Music News


Dissonance trumps exotica when Quintron, New Orleans's favorite ninth-ward inventor and one-man lounge act, further explores the sounds made possible through cheap, modified tube organs. And if that's not enough, the "Amazing Spellcaster" also busts out his drum buddy -- a hand-built device that transforms rhythmic light-exposure patterns into percussion. Otherwise backed by a choir of virtual amphibians (mostly bullfrog samples programmed into a Hammond D), Q keeps it dark, dank and utterly swampy. Think of Lucifer working the bar in a Howard Johnson's. Or John Cage lost in Radio Shack on Halloween. Diminished by occasional canned evil laughter, these curious rehearsal tapes would round out any Quintron completist's collection for the better; there are a few amusing covers ("Stray Cat Strut" and Johnny Mathis's "No Love"), a creepy wedding march ("Bride of Frankenstein") and even a demonstration in "backwards playing," which, unless you're a technophile, might get a little taxing. The album's hypnotic centerpiece, "Frogs," clocks in at close to fifteen minutes but comes as an oddly soothing serenade after all the kitschy thrills and chills.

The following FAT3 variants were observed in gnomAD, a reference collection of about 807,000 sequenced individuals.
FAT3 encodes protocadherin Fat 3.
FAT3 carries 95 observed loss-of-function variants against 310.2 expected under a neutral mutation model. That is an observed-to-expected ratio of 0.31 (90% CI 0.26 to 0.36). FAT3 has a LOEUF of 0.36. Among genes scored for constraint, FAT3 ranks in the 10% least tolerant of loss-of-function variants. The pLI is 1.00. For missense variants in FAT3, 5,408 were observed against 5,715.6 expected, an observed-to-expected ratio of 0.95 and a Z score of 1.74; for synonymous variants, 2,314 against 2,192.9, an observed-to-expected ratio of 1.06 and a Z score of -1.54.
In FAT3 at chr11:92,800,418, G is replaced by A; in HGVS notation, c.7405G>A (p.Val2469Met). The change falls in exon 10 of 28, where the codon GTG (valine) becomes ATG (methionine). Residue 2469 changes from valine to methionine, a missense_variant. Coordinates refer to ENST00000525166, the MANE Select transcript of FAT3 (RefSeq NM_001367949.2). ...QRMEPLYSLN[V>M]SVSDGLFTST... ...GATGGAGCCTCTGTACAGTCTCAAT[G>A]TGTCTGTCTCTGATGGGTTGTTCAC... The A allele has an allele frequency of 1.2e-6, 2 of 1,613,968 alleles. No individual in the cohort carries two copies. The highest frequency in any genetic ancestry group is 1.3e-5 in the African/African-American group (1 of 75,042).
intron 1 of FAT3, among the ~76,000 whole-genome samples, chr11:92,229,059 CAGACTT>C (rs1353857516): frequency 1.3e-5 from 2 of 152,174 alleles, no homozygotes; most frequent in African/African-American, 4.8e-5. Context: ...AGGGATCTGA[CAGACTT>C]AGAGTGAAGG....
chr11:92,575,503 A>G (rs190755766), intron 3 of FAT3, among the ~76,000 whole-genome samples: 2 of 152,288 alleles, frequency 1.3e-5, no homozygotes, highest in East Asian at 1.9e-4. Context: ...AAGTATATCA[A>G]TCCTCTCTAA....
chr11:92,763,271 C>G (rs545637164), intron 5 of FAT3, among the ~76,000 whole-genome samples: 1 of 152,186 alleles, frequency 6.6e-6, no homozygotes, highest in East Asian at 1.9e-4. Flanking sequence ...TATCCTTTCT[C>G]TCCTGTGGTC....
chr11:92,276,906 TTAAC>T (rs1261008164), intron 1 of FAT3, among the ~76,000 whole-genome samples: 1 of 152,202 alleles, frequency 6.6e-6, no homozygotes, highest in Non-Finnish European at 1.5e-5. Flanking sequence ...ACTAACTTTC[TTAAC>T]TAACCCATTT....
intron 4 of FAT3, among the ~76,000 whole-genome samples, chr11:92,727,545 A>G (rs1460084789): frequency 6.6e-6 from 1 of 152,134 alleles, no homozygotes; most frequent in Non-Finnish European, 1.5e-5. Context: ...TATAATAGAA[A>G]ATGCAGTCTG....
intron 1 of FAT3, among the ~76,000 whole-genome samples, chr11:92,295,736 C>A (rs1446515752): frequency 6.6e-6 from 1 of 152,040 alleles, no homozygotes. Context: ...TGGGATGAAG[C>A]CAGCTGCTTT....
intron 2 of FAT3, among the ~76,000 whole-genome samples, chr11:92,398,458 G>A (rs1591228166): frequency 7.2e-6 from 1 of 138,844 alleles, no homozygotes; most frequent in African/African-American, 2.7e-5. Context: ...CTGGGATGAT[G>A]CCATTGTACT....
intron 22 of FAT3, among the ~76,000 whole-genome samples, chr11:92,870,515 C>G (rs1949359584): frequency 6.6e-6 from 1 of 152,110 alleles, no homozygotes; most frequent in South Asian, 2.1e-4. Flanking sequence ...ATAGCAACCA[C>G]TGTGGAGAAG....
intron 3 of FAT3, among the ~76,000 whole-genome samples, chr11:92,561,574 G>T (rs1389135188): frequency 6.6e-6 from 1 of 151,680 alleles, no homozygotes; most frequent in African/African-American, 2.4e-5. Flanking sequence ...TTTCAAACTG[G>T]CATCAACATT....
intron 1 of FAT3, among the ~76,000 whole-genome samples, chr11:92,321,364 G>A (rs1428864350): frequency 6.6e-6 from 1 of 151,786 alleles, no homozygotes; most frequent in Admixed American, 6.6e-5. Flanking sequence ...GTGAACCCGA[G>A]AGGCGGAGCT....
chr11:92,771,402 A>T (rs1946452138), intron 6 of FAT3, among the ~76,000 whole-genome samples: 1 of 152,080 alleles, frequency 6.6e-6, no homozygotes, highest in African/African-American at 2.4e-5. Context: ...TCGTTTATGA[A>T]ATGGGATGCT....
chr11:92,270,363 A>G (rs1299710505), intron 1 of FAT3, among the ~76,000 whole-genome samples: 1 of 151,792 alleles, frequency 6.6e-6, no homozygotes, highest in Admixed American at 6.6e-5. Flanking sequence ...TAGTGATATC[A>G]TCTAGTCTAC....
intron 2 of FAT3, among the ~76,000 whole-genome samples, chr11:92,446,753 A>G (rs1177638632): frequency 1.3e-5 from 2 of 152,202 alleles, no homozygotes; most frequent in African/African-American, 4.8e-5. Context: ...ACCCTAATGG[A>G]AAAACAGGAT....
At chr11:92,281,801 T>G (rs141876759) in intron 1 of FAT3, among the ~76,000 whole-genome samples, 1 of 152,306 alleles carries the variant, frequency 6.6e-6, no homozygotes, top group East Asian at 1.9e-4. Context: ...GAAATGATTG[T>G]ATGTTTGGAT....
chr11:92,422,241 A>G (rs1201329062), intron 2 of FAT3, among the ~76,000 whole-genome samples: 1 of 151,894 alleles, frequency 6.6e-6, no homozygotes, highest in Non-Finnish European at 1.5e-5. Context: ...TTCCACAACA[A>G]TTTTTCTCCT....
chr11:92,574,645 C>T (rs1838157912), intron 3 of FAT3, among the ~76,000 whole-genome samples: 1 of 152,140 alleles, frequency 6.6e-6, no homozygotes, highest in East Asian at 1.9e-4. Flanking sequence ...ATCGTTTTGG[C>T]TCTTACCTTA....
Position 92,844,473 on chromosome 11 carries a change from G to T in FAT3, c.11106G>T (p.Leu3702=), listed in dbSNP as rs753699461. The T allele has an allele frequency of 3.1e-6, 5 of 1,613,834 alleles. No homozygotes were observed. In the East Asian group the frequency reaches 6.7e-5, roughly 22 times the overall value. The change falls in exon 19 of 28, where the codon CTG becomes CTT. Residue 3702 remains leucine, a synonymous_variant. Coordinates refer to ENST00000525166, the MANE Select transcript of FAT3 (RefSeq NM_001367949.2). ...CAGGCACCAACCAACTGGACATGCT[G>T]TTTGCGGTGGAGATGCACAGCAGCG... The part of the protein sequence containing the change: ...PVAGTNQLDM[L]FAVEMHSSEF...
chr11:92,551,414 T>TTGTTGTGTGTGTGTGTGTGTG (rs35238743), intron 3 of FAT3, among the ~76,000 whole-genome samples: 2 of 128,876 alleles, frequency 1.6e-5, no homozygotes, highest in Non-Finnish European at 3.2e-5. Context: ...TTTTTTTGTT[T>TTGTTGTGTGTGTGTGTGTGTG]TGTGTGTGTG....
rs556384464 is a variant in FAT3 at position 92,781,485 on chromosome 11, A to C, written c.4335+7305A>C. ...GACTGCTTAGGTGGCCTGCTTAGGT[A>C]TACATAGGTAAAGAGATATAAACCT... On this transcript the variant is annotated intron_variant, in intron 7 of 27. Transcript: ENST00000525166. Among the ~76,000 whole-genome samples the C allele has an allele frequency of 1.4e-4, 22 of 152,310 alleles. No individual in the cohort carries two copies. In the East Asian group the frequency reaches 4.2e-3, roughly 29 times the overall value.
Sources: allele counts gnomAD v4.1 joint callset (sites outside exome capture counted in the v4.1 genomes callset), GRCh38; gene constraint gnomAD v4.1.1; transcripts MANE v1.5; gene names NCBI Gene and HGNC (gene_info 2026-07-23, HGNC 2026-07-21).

KEEP WESTWORD FREE... Since we started Westword, it has been defined as the free, independent voice of Denver, and we'd like to keep it that way. With local media under siege, it's more important than ever for us to rally support behind funding our local journalism. You can help by participating in our "I Support" program, allowing us to keep offering readers access to our incisive coverage of local news, food and culture with no paywalls.
John La Briola